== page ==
Reflex Amsterdam is proud to premier the first exhibition featuring a large selection from Daido Moriyama’s Another Country in New York (1971).
The photographs capture Moriyama’s signature style: rough, out of focus, and grainy. Upon taking a photograph, the would rarely gaze into the viewfinder in order to capture what he calls a ‘passerby’s view’. The photographer refused photography’s potential of sharpness to envision it as a tool to capture reality in its essence; exciting and chaotic. The renowned series of photographs will be on show from March 26th onwards.
Another Country in New York encompasses the artist’s 1971 trip to New York in snapshots of the airplane, the hotel room, street life, and billboards. It was the artist’s first trip outside of Japan. The odd frames, dynamic diagonal compositions, and flashing lights capture the overwhelming sense of the urban landscape in black and white photographs inhabited by both turmoil and beauty. The photographs were printed in 2002 by Moriyama himself and has never been shown in its completion. They have been hidden in the archive but will now be on show for lovers of vintage photography and as a crucial body of work in Moriyama’s oeuvre.
The series refers to the title of the 1962 book by the author James Baldwin, Another Country. Set in New York, Baldwin narrates aftermath of the tragic death of a young man. Yet, the book is truly a portrait of New York City as every sentence pulsate with urban buzz. It is no surprise that Moriyama refers to this book, as he places his finger carefully on the city’s pulse to press the shutter-release. Describing photography as a ‘fossil of light and time’, his audiences are offered a fragment of an elucidated, long-gone moment. His works are portraits of the urban mystery, not an attempt to solve it. This sense of mystery is reflected in the double prints, where two photographs are printed as a sequence; two images are paired revealing stark oppositions or overwhelming impressions of New York.
An outstanding photographer and a figurehead in the field, Moriyama joined Provoke in 1968. The Japanese experimental project attempted to give an account of lived experience through the medium of photography. This was a radical move which continues to resonate through Moriyama’s work. The intense depiction of New York in 1971 is continually captivating by its confrontational portraits of New York; one so alive and dynamic that it emanates from the photographs even decades after.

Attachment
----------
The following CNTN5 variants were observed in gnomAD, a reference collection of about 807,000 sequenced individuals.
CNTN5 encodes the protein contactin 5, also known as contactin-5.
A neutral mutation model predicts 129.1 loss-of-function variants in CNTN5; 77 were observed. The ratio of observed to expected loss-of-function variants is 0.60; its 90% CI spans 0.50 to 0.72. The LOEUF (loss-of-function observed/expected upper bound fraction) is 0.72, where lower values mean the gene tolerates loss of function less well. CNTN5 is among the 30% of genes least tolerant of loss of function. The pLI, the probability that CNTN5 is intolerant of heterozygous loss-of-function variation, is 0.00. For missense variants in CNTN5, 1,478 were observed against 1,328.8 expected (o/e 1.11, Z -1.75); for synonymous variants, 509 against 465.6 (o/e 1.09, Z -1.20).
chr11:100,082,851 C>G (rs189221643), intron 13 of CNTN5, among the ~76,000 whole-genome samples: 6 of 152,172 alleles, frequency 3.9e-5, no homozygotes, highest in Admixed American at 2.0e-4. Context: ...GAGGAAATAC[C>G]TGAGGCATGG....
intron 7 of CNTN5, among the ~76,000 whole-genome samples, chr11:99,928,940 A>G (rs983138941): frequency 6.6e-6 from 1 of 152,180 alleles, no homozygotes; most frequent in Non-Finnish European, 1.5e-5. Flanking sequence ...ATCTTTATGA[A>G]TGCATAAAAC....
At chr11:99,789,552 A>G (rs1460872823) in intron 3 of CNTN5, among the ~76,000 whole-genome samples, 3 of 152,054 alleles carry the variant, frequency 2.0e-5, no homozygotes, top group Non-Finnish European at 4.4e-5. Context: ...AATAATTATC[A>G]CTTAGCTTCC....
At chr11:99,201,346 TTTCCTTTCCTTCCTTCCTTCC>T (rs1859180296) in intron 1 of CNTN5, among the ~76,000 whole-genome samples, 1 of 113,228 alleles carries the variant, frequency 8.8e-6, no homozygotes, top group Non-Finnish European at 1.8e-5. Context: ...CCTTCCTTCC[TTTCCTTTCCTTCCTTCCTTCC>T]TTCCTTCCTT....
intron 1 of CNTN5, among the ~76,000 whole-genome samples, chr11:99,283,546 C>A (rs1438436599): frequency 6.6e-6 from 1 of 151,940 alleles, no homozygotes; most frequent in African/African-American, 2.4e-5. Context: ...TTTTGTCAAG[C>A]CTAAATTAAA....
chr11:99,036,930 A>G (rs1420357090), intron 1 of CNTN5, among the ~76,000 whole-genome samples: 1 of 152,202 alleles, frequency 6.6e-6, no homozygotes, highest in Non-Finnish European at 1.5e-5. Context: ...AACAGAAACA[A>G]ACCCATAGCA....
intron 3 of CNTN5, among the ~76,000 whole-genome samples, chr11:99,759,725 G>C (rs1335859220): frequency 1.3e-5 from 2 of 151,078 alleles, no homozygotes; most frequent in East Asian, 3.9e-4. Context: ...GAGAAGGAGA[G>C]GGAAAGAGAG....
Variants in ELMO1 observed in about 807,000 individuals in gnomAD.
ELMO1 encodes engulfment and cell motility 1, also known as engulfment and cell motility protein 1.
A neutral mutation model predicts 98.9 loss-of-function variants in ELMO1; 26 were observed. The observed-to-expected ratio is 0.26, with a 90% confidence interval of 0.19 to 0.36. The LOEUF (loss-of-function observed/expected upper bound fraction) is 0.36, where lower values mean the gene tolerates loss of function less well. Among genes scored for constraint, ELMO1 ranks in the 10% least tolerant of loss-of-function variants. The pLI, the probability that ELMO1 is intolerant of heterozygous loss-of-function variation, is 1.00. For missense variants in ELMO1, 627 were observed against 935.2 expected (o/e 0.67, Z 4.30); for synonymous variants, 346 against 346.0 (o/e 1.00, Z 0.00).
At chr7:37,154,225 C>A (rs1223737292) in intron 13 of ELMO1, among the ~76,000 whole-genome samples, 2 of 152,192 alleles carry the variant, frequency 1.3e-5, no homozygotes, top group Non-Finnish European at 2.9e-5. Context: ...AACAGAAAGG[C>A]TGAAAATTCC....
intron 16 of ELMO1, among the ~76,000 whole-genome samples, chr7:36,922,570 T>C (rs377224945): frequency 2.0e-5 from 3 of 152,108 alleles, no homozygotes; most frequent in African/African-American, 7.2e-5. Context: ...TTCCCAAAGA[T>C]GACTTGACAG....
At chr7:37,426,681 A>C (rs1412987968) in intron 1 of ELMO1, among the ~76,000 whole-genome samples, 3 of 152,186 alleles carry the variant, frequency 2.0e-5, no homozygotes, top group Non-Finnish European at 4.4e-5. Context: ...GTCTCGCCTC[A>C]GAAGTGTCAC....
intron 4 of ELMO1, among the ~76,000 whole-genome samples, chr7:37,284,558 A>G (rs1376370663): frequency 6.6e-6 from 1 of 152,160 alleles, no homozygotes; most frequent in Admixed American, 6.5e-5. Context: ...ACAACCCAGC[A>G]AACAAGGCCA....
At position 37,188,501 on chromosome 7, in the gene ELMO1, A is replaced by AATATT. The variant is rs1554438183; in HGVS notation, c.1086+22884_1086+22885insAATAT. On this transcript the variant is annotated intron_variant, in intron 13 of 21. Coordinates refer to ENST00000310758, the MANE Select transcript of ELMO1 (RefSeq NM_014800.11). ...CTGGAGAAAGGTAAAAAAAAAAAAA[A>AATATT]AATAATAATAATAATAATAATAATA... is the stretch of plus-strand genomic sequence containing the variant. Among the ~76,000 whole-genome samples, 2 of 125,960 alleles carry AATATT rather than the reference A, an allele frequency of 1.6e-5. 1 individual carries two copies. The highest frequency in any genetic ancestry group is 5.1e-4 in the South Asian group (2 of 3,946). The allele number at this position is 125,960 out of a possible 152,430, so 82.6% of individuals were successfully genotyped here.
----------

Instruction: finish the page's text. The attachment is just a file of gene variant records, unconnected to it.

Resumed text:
Daido Moriyama (1938, Ikeda-City, Osaka) was initially trained in graphic design before taking up photography. He trained as an assistant under Takeji Iwamiya and Eikoh Hosoe until becoming an independent photographer in 1964, publishing his first books Nippon Gekijo Shashincho in 1968 and Shashin yo Sayounara in 1972, both depicting the darker sides of urban life and the city of Tokyo. Solo exhibitions include William Klein + Daido Moriyama, Tate Modern (London, 2012); On the Road, The National Museum of Art, Osaka (2011); Daido Retrospective 1965-2005 / Daido Hawaii, at the Tokyo Metropolitan Museum of Photography (2008), Centro Andaluz de Arte Contemporaneo, Sevilla (2007), Foam (Amsterdam, 2006), Fondation Cartier pour l'art contemporain (Paris, 2003), Fotomuseum Winterthur (Winterthur, 2000), San Francisco MOMA (1999, traveled to the Metropolitan Museum of Art, New York). He is a recipient of the prestigious Lifetime Achievement Award at the 28th Annual Infinity Awards of the International Center of Photography, New York, 2012, and The Culture Award from the Deutsche Gesellschaft für Photographie, 2004.